Ultrahigh pressure fast size exclusion chromatography for top-down proteomics

Authors

  • Xin Chen,

    1. Department of Cell and Regenerative Biology, University of Wisconsin-Madison, Madison, WI, USA
    2. Human Proteomics Program, School of Medicine and Public Health, University of Wisconsin-Madison, Madison, WI, USA
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  • Ying Ge

    Corresponding author
    1. Human Proteomics Program, School of Medicine and Public Health, University of Wisconsin-Madison, Madison, WI, USA
    2. Department of Chemistry, University of Wisconsin-Madison, Madison, WI, USA
    • Department of Cell and Regenerative Biology, University of Wisconsin-Madison, Madison, WI, USA
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  • Colour Online: See the article online to view Figs. 1–3 in colour.

Correspondence: Dr. Ying Ge, Department of Cell and Regenerative Biology, University of Wisconsin-Madison, 1300 University Avenue, SMI 130, Madison, WI 53706, USA

E-mail: ge2@wisc.edu

Fax: +1 608-265-5512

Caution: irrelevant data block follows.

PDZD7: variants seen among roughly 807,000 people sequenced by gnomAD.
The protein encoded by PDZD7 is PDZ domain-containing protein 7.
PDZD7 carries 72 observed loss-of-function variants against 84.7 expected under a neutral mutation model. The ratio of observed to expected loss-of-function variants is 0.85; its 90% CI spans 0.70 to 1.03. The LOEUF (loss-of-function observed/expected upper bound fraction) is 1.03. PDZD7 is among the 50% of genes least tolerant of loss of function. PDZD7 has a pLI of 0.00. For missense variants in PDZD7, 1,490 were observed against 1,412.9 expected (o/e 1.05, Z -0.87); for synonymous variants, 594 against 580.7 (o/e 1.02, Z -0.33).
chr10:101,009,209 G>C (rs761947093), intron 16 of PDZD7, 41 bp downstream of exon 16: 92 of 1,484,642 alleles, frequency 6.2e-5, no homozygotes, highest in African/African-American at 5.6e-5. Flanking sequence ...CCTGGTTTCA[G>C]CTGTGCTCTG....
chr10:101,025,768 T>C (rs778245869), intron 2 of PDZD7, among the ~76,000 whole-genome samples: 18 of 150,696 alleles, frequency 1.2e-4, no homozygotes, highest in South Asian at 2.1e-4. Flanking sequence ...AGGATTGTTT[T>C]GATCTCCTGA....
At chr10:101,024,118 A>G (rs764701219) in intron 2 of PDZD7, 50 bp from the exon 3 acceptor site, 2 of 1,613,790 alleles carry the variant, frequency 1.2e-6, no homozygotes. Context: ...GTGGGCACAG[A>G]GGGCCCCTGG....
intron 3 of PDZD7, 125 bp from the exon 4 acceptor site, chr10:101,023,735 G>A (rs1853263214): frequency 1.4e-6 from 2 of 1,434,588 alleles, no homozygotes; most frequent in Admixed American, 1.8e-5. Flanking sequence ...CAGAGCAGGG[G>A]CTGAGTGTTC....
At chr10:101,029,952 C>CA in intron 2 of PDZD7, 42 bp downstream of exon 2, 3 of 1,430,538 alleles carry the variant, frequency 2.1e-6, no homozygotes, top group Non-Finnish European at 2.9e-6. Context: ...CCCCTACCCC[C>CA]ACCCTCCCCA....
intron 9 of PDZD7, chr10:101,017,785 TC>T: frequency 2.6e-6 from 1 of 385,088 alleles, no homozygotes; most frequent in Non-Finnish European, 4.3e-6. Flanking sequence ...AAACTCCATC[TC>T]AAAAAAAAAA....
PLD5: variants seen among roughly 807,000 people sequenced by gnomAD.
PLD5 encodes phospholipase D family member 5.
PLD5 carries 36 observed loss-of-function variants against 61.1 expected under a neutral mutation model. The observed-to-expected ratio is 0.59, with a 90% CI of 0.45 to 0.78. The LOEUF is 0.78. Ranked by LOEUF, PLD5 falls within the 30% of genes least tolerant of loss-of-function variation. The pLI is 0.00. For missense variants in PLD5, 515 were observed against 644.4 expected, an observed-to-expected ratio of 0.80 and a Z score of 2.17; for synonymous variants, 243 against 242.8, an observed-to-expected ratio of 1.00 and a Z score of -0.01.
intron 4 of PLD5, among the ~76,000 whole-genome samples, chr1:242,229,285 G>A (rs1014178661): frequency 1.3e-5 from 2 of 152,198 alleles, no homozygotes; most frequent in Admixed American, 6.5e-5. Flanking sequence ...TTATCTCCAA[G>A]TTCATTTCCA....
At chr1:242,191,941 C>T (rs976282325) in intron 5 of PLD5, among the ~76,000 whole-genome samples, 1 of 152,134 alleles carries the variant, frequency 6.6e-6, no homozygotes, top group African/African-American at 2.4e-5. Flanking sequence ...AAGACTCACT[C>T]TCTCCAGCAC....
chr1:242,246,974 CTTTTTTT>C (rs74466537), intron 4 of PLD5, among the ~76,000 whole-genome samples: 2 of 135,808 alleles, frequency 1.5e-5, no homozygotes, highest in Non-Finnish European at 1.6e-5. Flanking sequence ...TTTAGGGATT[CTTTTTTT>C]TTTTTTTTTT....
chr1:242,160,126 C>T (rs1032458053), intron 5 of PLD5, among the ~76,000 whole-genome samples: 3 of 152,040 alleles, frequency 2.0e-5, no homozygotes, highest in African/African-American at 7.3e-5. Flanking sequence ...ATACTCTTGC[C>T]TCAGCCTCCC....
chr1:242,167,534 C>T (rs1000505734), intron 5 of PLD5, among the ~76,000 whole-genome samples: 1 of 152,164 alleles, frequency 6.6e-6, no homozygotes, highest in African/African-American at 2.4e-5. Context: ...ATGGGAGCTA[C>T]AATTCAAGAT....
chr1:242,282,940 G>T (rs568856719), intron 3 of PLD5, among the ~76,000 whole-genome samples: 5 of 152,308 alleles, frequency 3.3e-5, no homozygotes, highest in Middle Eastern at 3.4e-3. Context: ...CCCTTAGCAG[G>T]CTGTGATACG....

Abstract

Top-down MS-based proteomics has gained a solid growth over the past few years but still faces significant challenges in the LC separation of intact proteins. In top-down proteomics, it is essential to separate the high mass proteins from the low mass species due to the exponential decay in S/N as a function of increasing molecular mass. SEC is a favored LC method for size-based separation of proteins but suffers from notoriously low resolution and detrimental dilution. Herein, we reported the use of ultrahigh pressure (UHP) SEC for rapid and high-resolution separation of intact proteins for top-down proteomics. Fast separation of intact proteins (6–669 kDa) was achieved in < 7 min with high resolution and high efficiency. More importantly, we have shown that this UHP-SEC provides high-resolution separation of intact proteins using a MS-friendly volatile solvent system, allowing the direct top-down MS analysis of SEC-eluted proteins without an additional desalting step. Taken together, we have demonstrated that UHP-SEC is an attractive LC strategy for the size separation of proteins with great potential for top-down proteomics.

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